The Liver Transplant Program at the University of North Carolina at Chapel Hill (UNC-CH) is a well-established and vitally important regional resource. This application proposes a multi-center cooperative core study in which a well-defined cohort from UNC-CH and other Transplant Centers (TC) will be followed prospectively to provide reliable, complete, and generalizable information on adult donor and recipient outcomes for both living donor and cadaveric liver transplants. A database structure and information core is proposed, and this application discusses the relevance of each proposed data element. This core study will be augmented by analysis of our historical cohort for which existing outcome data can be pooled across all the Transplant Centers (TC) participating in the Clinical Research Consortium. In addition to these studies, this application proposes two common protocols. The first will examine in-depth the short and long-term morbidity and quality of life of living donors. The second will examine differences in drug metabolism and immunosuppressive regimen between recipients of living donor and cadaveric liver transplants. UNC-CH is well qualified to be a Transplant Center (TC) within the Clinical Research Consortium having performed 13 LDLT in the last 18 months and 21 LDLT total. Projections for UNC-CH are 50-60 CADLT and 15-20 LDLT per year, thereby allowing accrual and followup of more than sufficient numbers of patients to contribute to the Consortium studies. Overall one-year patient and graft survival for both CADLT and LDLT are 90-95% and 77-85% respectively. The UNC-CH infrastructure includes 4 transplant surgeons, 5 hepatologists, and other relevant professionals in vascular surgery, anesthesiology, radiology and vascular/interventional radiology, immunology, infectious disease, pulmonary disease, pathology, pharmacy, nursing, blood bank, psychiatry or psychology and social services. All studies benefit from use of the Verne Caviness General Clinical Research Center (GCRC) as a primary site and collaboration with the Center for Gastrointestinal Biology and Disease (CGIBD). Particularly relevant to this application are the GCRC's Informatics Services and the epidemiologic services of the CGIBD.As a Transplant Center, UNC-CH is committed to close collaborations including membership on the Steering Committee. UNC-CH has participated in multiple multi-center trials and has a rich experiential base in working with data coordinating centers. Our application's strong institutional support for participation as a TC includes acceptance of per patient funding mechanisms for the common protocols.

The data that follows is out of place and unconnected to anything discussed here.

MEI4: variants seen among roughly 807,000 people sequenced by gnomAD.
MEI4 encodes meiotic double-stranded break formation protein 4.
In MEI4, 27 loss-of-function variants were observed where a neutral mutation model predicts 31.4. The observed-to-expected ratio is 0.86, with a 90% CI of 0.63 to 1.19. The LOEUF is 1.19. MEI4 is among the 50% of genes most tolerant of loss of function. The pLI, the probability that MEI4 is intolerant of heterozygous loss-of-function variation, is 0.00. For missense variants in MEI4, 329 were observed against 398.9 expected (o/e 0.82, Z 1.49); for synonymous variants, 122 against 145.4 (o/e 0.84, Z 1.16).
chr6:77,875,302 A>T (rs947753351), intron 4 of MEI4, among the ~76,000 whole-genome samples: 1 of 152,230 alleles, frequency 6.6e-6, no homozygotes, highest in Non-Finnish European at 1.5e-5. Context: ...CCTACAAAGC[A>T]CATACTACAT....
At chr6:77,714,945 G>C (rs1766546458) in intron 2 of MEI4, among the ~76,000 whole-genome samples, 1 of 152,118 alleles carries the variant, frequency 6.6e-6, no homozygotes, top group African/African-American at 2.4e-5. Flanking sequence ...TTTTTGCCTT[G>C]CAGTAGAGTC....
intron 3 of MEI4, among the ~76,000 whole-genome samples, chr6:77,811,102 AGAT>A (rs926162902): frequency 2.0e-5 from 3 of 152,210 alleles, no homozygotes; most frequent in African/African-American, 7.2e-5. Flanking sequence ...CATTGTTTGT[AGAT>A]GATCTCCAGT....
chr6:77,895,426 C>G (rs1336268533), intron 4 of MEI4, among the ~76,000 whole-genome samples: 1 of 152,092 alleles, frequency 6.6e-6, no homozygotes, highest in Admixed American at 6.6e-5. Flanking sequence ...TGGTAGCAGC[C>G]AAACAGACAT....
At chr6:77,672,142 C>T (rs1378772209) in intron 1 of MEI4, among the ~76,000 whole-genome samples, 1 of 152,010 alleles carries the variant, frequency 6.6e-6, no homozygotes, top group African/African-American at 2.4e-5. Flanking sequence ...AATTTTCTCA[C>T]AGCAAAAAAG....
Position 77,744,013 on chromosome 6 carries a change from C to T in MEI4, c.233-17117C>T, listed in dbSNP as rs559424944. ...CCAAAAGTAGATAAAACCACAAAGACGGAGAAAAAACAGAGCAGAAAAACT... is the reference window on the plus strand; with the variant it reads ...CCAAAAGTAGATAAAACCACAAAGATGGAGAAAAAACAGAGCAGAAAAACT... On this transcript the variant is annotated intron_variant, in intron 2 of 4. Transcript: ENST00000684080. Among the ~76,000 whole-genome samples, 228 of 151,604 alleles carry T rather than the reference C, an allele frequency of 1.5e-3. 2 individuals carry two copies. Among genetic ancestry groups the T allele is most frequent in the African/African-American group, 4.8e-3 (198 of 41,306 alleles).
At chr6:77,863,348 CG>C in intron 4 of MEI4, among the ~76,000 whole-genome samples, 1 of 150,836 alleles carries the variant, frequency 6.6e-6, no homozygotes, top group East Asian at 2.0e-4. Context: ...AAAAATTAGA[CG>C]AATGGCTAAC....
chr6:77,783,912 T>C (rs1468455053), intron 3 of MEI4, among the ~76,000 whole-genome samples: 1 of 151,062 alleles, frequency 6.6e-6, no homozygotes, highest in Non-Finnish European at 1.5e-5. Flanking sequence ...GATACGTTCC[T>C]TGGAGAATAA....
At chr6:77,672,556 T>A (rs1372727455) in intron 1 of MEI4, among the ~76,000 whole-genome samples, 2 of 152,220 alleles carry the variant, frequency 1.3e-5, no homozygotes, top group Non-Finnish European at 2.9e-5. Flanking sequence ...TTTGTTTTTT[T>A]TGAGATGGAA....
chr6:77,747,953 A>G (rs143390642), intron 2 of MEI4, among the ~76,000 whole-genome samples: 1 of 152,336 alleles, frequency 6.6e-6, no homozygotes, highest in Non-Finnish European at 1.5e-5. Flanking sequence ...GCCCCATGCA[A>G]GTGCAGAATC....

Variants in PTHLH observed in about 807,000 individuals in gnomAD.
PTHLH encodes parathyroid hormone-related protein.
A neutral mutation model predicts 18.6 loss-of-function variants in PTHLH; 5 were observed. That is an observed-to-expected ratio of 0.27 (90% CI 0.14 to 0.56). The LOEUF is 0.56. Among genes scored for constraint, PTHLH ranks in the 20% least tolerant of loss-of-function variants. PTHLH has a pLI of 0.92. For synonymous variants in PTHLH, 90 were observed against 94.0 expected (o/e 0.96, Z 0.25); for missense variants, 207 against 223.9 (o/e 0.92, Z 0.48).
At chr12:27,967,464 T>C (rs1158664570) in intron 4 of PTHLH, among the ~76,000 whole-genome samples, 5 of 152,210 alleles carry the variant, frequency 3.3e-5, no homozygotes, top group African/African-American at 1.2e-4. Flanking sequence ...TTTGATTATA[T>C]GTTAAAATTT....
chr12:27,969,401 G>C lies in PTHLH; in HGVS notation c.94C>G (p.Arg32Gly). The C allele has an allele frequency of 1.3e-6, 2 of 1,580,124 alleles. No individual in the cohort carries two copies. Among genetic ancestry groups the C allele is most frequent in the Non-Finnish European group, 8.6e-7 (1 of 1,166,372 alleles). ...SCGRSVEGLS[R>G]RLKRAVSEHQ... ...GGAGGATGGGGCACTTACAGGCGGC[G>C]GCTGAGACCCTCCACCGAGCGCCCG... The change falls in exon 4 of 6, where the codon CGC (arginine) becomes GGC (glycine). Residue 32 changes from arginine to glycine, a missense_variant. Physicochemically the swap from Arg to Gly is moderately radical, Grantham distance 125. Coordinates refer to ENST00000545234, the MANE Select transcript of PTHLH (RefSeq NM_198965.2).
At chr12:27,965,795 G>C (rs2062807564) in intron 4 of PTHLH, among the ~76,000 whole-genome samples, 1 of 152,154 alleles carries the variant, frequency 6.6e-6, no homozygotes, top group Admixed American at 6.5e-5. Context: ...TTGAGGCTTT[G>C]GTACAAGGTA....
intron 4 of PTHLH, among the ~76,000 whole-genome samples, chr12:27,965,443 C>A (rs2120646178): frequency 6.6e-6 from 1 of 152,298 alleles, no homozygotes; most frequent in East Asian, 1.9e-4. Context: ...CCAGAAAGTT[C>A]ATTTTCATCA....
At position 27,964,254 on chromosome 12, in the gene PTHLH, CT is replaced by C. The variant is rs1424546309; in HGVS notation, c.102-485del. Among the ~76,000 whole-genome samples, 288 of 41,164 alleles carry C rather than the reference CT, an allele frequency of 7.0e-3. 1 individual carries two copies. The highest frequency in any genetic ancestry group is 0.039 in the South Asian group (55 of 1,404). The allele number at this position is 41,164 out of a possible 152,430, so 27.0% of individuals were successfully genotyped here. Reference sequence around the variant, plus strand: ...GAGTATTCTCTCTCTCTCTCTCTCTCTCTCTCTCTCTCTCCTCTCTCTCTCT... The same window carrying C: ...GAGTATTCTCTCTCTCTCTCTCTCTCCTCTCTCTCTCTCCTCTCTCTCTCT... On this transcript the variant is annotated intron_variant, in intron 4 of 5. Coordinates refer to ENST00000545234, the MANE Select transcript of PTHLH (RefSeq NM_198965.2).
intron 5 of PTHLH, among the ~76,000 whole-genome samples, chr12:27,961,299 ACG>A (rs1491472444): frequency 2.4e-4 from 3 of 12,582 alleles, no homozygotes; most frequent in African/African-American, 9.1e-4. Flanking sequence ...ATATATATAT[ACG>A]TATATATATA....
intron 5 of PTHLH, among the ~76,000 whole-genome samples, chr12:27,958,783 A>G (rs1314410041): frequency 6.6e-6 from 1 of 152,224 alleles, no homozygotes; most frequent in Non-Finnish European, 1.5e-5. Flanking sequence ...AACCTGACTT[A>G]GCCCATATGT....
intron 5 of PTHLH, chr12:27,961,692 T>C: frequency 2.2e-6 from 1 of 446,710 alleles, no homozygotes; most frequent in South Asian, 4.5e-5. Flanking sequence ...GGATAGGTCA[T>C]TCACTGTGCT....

National Institute of Health (NIH)
National Institute of Diabetes and Digestive and Kidney Diseases (NIDDK)
Research Project--Cooperative Agreements (U01)
Project #
Application #
Study Section
Special Emphasis Panel (ZDK1-GRB-D (M1))
Program Officer
Everhart, James
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Project End
Budget Start
Budget End
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Fiscal Year
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University of North Carolina Chapel Hill
Internal Medicine/Medicine
Schools of Medicine
Chapel Hill
United States
Zip Code
Butt, Zeeshan; DiMartini, Andrea F; Liu, Qian et al. (2018) Fatigue, Pain, and Other Physical Symptoms of Living Liver Donors in the Adult-to-Adult Living Donor Liver Transplantation Cohort Study. Liver Transpl 24:1221-1232
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Levitsky, Josh; Goldberg, David; Smith, Abigail R et al. (2017) Acute Rejection Increases Risk of Graft Failure and Death in Recent Liver Transplant Recipients. Clin Gastroenterol Hepatol 15:584-593.e2
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Pomposelli, James J; Goodrich, Nathan P; Emond, Jean C et al. (2016) Patterns of Early Allograft Dysfunction in Adult Live Donor Liver Transplantation: The A2ALL Experience. Transplantation 100:1490-9
Emond, Jean C; Fisher, Robert A; Everson, Gregory et al. (2015) Changes in liver and spleen volumes after living liver donation: a report from the Adult-to-Adult Living Donor Liver Transplantation Cohort Study (A2ALL). Liver Transpl 21:151-61
Ladner, Daniela P; Dew, Mary Amanda; Forney, Sarah et al. (2015) Long-term quality of life after liver donation in the adult to adult living donor liver transplantation cohort study (A2ALL). J Hepatol 62:346-53
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